things at this day under the Papacy. It seems a sufficient excuse to 
foolish men that they retain the name of God; and they confidently 
boast that the true God is worshipped by them; and yet we see that 
they mix together with this worship many of the delusions of Satan; 
for under the Papacy there is no end to their inventions. When any 
devise some peculiar mode of worship, it is then connected with the 
rest; and thus they form such a mixture, that from one God, divided 
into many parts, they bring forth a vast troop of deities. As then 
at this day the Papists worship God and idols too, so Zephaniah had 
to condemn the same wickedness among the Jews.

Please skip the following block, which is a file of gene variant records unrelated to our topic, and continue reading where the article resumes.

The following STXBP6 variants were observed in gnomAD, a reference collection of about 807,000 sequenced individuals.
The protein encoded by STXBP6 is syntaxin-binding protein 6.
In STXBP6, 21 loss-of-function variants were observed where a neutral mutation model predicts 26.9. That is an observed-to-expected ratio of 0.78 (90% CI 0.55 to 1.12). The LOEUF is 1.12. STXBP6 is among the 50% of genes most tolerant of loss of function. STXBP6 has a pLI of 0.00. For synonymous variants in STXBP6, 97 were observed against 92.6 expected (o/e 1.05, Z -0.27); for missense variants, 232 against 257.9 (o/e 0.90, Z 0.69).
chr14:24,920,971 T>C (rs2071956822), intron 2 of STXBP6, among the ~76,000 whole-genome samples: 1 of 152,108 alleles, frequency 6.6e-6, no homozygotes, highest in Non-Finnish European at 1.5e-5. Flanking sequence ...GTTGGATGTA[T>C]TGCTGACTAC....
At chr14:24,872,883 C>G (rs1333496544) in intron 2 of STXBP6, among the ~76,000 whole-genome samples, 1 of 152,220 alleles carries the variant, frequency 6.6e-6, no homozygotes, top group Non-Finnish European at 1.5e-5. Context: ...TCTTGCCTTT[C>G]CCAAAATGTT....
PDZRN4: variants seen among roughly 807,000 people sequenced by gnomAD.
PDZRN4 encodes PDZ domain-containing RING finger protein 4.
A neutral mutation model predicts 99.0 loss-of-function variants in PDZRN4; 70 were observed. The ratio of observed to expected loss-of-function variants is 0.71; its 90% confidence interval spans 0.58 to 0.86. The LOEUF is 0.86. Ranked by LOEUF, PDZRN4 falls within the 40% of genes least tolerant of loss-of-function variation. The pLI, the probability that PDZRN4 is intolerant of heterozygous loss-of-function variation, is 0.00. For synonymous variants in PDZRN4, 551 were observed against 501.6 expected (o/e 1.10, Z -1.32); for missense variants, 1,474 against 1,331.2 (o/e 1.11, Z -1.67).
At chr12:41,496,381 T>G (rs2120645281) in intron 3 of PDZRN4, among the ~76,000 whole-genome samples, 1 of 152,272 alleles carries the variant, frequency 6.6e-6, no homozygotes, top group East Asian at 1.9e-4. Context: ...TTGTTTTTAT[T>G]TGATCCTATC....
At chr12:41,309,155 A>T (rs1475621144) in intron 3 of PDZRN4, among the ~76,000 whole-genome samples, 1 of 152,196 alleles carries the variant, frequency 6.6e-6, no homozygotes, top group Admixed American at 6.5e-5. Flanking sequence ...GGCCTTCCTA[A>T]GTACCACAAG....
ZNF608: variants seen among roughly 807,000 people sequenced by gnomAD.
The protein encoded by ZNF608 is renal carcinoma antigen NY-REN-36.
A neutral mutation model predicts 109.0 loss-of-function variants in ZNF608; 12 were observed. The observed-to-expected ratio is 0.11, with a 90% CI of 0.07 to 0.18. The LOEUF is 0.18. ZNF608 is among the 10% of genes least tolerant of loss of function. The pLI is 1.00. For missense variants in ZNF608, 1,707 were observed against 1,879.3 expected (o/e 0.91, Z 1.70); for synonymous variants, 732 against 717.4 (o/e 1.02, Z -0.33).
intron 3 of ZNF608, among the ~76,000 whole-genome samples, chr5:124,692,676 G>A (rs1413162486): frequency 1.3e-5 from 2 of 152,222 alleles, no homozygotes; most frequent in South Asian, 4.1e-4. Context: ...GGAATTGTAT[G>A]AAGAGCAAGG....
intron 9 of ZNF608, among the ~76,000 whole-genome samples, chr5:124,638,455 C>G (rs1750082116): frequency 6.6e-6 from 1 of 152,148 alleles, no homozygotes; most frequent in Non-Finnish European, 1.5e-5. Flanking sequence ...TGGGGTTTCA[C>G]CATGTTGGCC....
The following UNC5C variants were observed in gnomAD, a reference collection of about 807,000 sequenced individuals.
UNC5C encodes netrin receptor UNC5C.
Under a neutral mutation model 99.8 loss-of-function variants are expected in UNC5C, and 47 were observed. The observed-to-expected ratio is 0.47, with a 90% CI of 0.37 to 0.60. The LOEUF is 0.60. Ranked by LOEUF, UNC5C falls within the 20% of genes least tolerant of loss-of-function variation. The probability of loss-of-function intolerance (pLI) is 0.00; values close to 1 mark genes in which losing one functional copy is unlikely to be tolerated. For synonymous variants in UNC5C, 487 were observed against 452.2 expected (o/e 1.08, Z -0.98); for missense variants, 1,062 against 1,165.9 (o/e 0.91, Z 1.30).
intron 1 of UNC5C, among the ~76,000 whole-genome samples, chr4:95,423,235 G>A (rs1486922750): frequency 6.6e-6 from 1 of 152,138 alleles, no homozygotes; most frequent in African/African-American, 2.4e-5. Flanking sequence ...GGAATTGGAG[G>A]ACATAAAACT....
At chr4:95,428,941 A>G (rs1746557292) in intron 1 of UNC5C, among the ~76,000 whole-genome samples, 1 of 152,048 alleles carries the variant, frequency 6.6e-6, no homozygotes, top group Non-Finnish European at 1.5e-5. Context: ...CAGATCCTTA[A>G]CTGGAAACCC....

We here learn that God's name was not then wholly obliterated, 
as though the world had openly fallen away from God; for though they 
worshipped Jupiter, Mercury, Apollo, and other fictitious gods, they 
yet professed to worship the only true and eternal God, the Creator 
of heaven and earth. What then was it that the Prophet condemned 
that they were not content with what the law simply and plainly 
prescribed, but that they devised for themselves various and strange 
modes of worship; for when men take to themselves such a liberty as 
this, they no longer worship the true God, how much soever they may 
pretend to do so, inasmuch as God repudiates all spurious modes of 
worship, as he testifies especially in Ezek. 20 - "Go ye," he says, 
"worship your idols." He shows that all kinds of worship are 
abominable to him whenever men depart in any measure from his pure 
word. For we must hold this as the main principle - that obedience